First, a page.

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To inherit or not to

P: n/a
For class A to reuse functionality of a class B, A could either contains B
or inherits from B. When should pick which?

In a book the author says that "Don't inherit from a concrete class." Does
this mean that for a concrete class B, using composition is the only choice?

Thank you for your comments!
Jul 22 '05 #1
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7 Replies


P: n/a
"bobsled" <sl*****@sands.com> wrote in message
news:%4********************@bgtnsc05-news.ops.worldnet.att.net...
For class A to reuse functionality of a class B, A could either contains B
or inherits from B. When should pick which?

Depends on the classes. If class B is called 'tire' and class A is
called 'car', I would go for containment. But if class B is called 'car' and
class A is called 'ford', I would use inheritance. Just a classic example,
but you get the point..

hth
--
jb

(replace y with x if you want to reply by e-mail)
Jul 22 '05 #2

P: n/a
bobsled posted:
For class A to reuse functionality of a class B, A could either
contains B or inherits from B. When should pick which?

In a book the author says that "Don't inherit from a concrete class." Does this mean that for a concrete class B, using composition is the only choice?

Thank you for your comments!


I've come across something like this before.

I wanted to have 2 completely independant classes, let's say called
KA and KB. Like so:

class KA
{
};

class KB
{
};

I wanted to give both of the classes access to a certain function,
let's say a function that turns generates a string out of a number.
But the string is going to be in the Thai number system. But the
thing is, I don't want anyone else do be able to touch this certain
function, therefore, I want it to be private. The following would be
ideal:

class KA
{
public:

unsigned long numbr;

private:

wchar_t szBuffer[30];

void GenerateThaiString(void);
};

class KB
{
public:

unsigned long numbr;

private:

wchar_t szBuffer[30];

void GenerateThaiString(void);
};
KA::GenerateThaiString AND KB::GenerateThaiString
{

//blah blah
return &szBuffer[12];
}

//See how I want to use the same definition for both! Anyone got any
suggestions. Again, I remind you that I want this function to be
strictly private and only accessible by the member functions of the
classes KA and KB.
Thanks in advance.

-JKop
Jul 22 '05 #3

P: n/a
"JKop" <NU**@NULL.NULL> wrote in message
news:dn******************@news.indigo.ie...
I wanted to give both of the classes access to a certain function, suggestions. Again, I remind you that I want this function to be
strictly private and only accessible by the member functions of the
classes KA and KB.


You could create a third class, which contains the function as a static
private member. Now make that class friend to both KA and KB and you got
what you wanted.

hth
--
jb

(replace y with x if you want to reply by e-mail)
Jul 22 '05 #4

P: n/a
Jakob Bieling posted:

You could create a third class, which contains the function as a static
private member. Now make that class friend to both KA and KB and you got what you wanted.

hth
--
jb

And I'll even stick a pure virtual function in there to make it
abstract. Thanks!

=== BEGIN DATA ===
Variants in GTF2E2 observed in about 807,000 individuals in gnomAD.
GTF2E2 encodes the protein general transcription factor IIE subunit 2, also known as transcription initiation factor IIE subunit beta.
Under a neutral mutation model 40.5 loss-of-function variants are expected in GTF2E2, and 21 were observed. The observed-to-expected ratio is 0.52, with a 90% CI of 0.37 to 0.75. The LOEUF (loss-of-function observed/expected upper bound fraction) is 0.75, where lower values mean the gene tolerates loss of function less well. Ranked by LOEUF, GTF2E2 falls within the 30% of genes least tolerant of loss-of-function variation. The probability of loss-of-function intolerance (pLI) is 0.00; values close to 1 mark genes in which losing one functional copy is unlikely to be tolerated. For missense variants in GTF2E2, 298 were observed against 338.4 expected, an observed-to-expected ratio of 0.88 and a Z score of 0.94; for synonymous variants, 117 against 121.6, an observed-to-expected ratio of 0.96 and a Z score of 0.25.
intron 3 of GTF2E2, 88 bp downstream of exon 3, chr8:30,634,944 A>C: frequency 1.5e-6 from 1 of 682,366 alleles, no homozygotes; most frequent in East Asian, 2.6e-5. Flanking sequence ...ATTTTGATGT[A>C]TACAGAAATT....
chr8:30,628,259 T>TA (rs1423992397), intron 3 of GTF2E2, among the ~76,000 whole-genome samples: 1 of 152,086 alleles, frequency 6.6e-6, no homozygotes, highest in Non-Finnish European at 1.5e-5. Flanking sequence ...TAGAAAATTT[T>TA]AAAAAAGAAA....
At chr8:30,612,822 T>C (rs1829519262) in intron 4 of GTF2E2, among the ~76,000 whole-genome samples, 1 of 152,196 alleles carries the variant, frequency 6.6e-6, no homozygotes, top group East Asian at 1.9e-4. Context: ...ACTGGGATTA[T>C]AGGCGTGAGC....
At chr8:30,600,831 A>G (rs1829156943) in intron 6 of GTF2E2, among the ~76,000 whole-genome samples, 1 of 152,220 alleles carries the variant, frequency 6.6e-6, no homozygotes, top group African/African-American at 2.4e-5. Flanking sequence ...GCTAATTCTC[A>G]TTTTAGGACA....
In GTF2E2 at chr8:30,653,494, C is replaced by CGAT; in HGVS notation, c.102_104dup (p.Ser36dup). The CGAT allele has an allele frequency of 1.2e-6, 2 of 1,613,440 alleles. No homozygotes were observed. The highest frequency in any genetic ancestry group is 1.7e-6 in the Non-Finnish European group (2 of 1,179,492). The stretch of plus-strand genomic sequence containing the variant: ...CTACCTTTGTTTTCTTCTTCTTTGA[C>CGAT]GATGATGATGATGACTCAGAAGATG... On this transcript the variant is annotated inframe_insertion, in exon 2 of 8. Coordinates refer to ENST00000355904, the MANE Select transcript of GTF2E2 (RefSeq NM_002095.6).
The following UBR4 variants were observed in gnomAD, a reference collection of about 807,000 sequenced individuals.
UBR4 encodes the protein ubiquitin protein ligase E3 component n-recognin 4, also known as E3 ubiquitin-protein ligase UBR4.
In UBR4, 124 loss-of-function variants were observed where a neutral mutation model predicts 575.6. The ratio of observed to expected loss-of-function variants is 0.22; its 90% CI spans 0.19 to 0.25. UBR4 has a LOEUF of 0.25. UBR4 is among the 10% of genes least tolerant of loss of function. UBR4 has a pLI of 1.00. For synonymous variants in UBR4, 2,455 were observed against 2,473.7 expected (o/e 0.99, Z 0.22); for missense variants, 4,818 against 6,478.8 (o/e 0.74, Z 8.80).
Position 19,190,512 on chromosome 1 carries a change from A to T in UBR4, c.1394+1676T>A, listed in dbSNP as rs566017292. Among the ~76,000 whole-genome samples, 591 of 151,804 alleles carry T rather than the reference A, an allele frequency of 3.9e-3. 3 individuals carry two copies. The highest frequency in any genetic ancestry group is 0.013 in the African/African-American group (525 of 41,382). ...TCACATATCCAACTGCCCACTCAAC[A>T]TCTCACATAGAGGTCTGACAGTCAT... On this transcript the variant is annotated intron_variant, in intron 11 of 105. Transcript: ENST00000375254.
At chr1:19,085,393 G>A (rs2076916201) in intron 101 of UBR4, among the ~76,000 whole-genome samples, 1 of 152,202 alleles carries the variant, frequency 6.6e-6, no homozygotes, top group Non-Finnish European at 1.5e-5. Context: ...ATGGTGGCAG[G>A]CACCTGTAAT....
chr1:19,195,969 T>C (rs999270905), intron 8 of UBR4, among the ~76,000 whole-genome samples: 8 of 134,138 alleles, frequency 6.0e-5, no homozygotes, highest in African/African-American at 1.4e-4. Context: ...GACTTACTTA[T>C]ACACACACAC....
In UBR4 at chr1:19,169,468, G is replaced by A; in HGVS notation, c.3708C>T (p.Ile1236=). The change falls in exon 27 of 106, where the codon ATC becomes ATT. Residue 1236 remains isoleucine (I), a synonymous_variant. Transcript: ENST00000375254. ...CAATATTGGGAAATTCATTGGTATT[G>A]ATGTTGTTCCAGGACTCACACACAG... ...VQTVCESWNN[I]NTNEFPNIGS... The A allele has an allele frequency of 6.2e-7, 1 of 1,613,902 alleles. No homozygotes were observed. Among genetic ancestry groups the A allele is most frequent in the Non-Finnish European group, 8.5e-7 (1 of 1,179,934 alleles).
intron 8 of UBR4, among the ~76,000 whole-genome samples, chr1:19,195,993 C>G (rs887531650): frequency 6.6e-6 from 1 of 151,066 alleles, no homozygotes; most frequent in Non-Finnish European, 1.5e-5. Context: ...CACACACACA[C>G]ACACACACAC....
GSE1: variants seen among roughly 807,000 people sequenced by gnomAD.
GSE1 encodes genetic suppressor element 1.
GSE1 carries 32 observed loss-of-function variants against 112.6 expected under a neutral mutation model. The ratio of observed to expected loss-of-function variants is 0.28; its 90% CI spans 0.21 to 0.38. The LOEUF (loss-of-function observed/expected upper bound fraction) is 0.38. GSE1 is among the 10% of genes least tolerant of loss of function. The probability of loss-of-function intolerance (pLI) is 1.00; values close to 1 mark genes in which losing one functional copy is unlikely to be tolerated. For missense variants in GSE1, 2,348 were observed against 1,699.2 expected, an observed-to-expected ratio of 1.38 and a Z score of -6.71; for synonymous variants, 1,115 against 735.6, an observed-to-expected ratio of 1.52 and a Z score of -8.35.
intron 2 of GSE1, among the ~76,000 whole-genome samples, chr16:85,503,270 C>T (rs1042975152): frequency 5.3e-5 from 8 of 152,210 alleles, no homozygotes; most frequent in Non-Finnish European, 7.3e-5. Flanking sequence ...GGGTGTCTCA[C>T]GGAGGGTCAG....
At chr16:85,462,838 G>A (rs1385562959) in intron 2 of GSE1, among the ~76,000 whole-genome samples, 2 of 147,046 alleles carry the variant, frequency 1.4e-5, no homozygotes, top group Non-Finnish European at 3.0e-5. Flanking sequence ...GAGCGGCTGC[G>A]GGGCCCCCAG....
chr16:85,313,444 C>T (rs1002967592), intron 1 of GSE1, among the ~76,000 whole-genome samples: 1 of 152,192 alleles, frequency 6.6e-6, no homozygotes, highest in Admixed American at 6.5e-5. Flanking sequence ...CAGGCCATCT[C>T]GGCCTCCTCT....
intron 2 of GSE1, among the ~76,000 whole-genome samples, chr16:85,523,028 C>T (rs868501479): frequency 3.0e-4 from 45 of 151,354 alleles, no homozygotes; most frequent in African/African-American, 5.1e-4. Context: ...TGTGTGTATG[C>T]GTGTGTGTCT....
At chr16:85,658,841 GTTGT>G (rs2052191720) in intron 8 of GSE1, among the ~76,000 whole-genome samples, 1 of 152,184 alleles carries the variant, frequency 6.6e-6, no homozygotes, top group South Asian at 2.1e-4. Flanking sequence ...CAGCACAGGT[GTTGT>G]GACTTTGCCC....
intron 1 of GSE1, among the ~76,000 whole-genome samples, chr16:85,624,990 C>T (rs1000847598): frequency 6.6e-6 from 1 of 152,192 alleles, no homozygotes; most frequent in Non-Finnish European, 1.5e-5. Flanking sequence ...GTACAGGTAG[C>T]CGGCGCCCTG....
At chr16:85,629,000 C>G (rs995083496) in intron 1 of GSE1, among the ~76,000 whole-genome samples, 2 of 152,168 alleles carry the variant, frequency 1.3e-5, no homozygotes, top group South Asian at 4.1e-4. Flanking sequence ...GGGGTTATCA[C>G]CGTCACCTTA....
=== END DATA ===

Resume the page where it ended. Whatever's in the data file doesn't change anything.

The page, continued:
Anyone else think of any other methods? Comments appreciated.
Unrelatedly...

Is there anything you can put in a class declaration to specify that
it CANNOT be inherited from? So:

class Jt : public Kr
will generate a compile error saying "Can't inherit from Kr!" If this
is the first time anyone's ever suggested this, then I want to coin
the keyword, "sterile":

sterile class Kr

lol

Jul 22 '05 #5

P: n/a
"Is there anything you can put in a class declaration to specify that it CANNOT
be inherited from?"

There is no keyword, but C++ implementor BS has this to say about preventing
derivation...

http://www.research.att.com/~bs/bs_faq2.html#no-derivation>
Brian F. Seaberg
Naperville, Illinois
Delray Beach, Florida
Jul 22 '05 #6

P: n/a
"JKop" <NU**@NULL.NULL> wrote in message
news:jq******************@news.indigo.ie...
You could create a third class, which contains the function as a
static
private member. Now make that class friend to both KA and KB and

you
got what you wanted.

And I'll even stick a pure virtual function in there to make it
abstract. Thanks!
Well, why would you want to do that?
Is there anything you can put in a class declaration to specify that
it CANNOT be inherited from? So:


Not that I know of. But usually a non-virtual d'tor implies 'This class
is not supposed to be derived from'.

hth
--
jb

(replace y with x if you want to reply by e-mail)
Jul 22 '05 #7

P: n/a
"bobsled" <sl*****@sands.com> wrote:
For class A to reuse functionality of a class B, A could either contains B
or inherits from B. When should pick which?

In a book the author says that "Don't inherit from a concrete class." Does
this mean that for a concrete class B, using composition is the only choice?


I think the author means, don't publicly inherit from a concrete class,
but even then I'm not so sure I agree. However I will say this: don't
publicly inherit from a class that doesn't have a virtual d_tor; don't
inherit (public, protected or private) from a class unless you are going
to override at least one of the base class' virtual functions; don't
publicly inherit from a class unless objects of the new class must be
useable in the same context as the base class.
Jul 22 '05 #8

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